“The beautiful, vibrant, living world goes on.” Nina Riggs, who died in February, realized this truth during a mundane moment: While teaching her son to ride his bike, she stumbles and releases him. As Benny rides forward, he shouts behind him, checking on his mother.
It’s a simple moment, but to Riggs, whose triple negative breast cancer had been deemed terminal, it encapsulated so much more. When she was diagnosed at age 37, doctors expected her disease to be curable. It was one small spot of cancer, that was all. But it metastasized and, by age 38, Riggs knew the disease would kill her.
Riggs’ husband, John, longs for a return to normalcy. “I have to love these days in the same way I love any other. There might not be a ‘normal’ from here on out,” she responds. “These days are days. We choose how we hold them.”
As she endures chemotherapy and radiation, Riggs faces those days with a clear-eyed determination to fully live. Riggs, herself a poet, examines her impending death through her own lyrical perspective, informed by the writings of her great-great-great-grandfather, Ralph Waldo Emerson, and French philosopher Michel Eyquem de Montaigne.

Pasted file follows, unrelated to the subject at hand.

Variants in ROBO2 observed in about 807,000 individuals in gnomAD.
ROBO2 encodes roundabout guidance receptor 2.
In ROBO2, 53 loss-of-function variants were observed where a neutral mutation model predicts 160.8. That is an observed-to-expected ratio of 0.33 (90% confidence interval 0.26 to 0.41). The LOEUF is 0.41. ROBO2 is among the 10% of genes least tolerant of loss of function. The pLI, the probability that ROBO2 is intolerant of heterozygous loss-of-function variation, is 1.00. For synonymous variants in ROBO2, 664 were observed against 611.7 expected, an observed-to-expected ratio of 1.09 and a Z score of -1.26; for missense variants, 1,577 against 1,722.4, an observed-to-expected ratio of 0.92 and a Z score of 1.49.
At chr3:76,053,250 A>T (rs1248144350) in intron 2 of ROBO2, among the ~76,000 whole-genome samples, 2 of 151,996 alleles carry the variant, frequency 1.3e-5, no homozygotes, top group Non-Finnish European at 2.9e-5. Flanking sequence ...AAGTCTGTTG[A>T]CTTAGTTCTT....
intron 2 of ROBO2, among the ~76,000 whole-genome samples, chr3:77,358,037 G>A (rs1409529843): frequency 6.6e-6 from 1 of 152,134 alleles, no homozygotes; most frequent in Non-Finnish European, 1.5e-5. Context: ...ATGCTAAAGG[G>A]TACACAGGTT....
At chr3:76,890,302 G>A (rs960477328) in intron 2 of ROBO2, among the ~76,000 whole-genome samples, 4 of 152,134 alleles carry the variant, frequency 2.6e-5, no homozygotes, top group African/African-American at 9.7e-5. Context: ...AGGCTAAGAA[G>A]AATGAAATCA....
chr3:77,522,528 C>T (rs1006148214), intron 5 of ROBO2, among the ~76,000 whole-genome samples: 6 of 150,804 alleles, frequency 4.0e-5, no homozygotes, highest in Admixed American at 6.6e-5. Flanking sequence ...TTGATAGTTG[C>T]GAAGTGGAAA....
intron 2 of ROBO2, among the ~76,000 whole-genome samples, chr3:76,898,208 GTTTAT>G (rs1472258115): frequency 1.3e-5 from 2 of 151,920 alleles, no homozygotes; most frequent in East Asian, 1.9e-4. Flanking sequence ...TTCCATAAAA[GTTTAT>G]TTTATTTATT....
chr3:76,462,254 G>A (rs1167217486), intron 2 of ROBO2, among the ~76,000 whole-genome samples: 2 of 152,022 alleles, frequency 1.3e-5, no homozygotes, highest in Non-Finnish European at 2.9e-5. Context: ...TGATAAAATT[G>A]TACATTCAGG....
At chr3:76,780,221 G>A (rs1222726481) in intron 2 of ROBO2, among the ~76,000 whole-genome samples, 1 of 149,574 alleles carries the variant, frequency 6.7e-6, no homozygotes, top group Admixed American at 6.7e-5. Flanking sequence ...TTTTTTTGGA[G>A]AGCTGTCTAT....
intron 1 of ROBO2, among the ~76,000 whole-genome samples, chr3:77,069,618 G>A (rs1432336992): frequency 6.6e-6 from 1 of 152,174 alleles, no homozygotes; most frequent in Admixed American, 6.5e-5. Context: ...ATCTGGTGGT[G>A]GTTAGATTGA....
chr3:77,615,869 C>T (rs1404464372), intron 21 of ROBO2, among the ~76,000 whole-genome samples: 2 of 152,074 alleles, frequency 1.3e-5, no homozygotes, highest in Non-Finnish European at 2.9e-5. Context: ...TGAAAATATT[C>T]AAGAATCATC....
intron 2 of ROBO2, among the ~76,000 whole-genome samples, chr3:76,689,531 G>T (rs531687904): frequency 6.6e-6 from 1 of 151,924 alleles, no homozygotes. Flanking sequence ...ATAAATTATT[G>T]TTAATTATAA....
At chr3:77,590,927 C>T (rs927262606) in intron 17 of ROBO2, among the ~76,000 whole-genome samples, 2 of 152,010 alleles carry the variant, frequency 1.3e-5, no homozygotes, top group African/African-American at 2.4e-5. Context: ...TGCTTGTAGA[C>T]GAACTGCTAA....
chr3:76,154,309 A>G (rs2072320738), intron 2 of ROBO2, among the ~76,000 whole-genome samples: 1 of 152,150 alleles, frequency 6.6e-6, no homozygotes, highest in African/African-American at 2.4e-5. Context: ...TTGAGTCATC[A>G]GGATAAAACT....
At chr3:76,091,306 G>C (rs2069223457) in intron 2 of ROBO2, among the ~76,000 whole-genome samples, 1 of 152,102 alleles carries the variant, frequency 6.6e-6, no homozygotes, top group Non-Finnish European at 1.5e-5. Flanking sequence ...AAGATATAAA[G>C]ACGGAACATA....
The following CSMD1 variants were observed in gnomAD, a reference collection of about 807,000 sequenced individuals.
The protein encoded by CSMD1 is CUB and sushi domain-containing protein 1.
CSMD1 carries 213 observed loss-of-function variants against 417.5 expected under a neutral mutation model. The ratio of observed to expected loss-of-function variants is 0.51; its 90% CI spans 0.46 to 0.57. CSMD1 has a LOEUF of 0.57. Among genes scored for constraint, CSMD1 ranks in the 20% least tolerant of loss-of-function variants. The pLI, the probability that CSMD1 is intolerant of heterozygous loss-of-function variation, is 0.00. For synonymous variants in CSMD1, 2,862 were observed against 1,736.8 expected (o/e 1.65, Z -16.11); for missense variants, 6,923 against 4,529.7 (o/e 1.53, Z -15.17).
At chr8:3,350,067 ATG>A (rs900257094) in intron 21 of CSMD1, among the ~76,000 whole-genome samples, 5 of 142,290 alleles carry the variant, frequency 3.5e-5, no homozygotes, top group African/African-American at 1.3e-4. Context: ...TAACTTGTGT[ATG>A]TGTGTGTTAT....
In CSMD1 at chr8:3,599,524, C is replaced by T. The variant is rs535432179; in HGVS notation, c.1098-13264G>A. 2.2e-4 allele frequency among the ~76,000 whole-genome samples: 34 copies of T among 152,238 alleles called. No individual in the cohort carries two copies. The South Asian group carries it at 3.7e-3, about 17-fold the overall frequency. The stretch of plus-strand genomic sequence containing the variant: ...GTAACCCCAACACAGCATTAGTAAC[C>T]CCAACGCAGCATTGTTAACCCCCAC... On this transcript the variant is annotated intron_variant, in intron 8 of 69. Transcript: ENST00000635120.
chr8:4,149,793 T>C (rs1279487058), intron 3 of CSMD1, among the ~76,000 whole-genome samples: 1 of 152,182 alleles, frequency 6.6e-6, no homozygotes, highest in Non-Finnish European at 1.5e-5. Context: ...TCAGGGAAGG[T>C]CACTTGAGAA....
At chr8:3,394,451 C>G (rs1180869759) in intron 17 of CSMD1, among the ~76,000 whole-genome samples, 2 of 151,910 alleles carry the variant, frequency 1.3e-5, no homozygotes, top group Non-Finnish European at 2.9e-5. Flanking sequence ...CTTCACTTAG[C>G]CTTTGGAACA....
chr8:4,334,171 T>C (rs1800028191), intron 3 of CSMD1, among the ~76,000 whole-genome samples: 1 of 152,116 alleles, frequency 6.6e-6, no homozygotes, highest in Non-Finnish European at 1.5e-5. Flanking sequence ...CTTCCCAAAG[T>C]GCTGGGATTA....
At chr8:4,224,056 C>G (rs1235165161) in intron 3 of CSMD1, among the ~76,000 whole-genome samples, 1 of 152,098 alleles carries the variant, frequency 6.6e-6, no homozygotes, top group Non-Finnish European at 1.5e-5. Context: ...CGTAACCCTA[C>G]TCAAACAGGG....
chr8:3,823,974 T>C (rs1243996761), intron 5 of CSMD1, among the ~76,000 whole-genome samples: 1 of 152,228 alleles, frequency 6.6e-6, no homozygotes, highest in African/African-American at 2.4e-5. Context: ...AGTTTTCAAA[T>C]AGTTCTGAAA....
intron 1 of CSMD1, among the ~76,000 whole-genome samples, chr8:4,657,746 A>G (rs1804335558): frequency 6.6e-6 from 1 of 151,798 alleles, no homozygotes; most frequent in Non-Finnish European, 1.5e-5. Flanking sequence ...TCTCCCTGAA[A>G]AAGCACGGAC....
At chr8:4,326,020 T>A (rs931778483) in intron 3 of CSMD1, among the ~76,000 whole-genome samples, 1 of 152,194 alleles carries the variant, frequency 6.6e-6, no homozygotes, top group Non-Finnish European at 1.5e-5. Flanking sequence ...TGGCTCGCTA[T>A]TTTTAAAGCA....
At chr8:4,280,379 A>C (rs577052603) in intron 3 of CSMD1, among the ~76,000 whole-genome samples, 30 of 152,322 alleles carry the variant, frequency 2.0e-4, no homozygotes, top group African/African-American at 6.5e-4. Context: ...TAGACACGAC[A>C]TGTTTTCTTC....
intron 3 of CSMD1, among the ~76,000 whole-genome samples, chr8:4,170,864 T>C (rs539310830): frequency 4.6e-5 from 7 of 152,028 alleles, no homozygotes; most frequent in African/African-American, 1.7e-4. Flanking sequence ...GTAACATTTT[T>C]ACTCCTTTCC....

Part of living, though, is death. Riggs must face it even before her own cancer is deemed terminal: Her mother’s multiple myeloma is fatal. The family concludes her mother’s funeral with an open-ended moment of silence, which Riggs struggles with. Shouldn’t they sound a gong or otherwise give those gathered permission to leave?
No, her brother says. “It’s about honoring the unknowing and the awkwardness and the mystery of dying. It’s unsettling—and that’s okay.”
Through this warmhearted memoir, Riggs writes her way to accepting her own death and the uncertainty that follows it. The Bright Hour is an introspective, well-considered tribute to life. As Riggs’ famed ancestor Emerson writes, “That is morning; to cease for a bright hour to be a prisoner of this sickly body and to become as large as the World.”